In Roberts v. Anderson,6 the Fourth Department found that the operators of a snowplow were not acting recklessly when they struck the plaintiff with the raised blade of their vehicle. The snowplow operators were removing snow and backed up into the plaintiff. The defendants had taken some precautionary measures (checking mirrors, providing a warning honk, and the truck had a backing up siren) but did not check to see if anyone was behind the vehicle, though there were two operators available to do so and their view was obstructed.

The vehicle was removing snow, it was actually engaged in work on a highway, and the operators were therefore held to the reckless disregard standard. Because they had taken some precautionary measures they could not be found to have acted with reckless disregard for the safety of others.

In James v. Town of Babylon,7 a witness on behalf of the plaintiff testified that at the time of the accident he observed the defendant snowplow operator talking on a cell phone. The defendant countered that she was proceeding cautiously and that the accident occurred as a result of a patch of ice on the roadway.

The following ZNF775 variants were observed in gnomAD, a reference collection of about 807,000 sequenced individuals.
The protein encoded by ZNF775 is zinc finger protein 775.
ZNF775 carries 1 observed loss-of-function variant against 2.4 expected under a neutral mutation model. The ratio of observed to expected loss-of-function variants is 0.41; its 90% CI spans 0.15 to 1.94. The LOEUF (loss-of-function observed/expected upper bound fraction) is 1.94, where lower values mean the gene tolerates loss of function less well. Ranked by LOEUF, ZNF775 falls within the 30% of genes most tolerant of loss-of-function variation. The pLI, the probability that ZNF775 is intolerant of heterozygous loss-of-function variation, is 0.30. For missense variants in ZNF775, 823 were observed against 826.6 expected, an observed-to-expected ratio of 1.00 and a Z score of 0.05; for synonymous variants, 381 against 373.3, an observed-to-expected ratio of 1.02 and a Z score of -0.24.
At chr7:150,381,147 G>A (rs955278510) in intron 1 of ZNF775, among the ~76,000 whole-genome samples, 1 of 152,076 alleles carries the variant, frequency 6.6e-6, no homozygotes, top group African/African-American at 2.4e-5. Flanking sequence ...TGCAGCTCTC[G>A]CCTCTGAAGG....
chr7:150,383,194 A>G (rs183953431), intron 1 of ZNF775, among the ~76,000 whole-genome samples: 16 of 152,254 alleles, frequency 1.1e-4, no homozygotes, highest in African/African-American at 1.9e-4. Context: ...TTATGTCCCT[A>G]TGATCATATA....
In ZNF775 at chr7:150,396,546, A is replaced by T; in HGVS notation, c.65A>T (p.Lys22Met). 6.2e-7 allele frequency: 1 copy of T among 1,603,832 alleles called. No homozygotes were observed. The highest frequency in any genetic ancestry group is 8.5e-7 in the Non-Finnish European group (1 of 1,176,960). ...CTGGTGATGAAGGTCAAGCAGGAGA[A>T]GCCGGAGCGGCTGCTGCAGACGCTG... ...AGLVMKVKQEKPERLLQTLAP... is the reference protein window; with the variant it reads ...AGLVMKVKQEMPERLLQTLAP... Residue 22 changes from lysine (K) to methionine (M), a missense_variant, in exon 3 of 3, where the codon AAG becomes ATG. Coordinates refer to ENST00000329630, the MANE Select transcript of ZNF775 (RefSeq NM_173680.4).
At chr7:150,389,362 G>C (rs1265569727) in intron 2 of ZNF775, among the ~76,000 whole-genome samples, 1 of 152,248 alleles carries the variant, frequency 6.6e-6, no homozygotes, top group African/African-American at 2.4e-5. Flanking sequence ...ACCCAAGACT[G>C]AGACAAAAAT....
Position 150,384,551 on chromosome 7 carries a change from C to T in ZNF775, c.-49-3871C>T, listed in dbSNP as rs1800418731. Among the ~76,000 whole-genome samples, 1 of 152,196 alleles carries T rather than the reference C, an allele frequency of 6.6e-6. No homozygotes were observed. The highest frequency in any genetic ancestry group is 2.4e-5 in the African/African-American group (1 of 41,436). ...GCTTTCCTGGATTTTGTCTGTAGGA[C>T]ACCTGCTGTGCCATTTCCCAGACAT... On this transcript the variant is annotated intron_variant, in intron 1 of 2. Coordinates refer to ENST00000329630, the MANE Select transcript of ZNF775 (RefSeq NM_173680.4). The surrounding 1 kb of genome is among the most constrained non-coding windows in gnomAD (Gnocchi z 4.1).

The trial court awarded plaintiff damages based on the fact that the defendant's use of a cell phone at the time of the accident was reckless. The Appellate Term reversed, finding that plaintiff failed to raise an issue of fact as to whether the defendant acted with reckless disregard for others. The appellate court accepted the trial court's finding that the defendant was indeed speaking on the phone at the time of the accident. However, the court did not find any evidence indicating that the defendant was acting with reckless disregard since the defendant was driving at a slow rate of speed and was maneuvering the snowplow through a tight roadway due to vehicles being parked away from the curb. Thus, the court found that, even if the defendant was using her cell phone at the time of the accident, her conduct did not rise to the heightened standard of liability imposed by VTL §1103.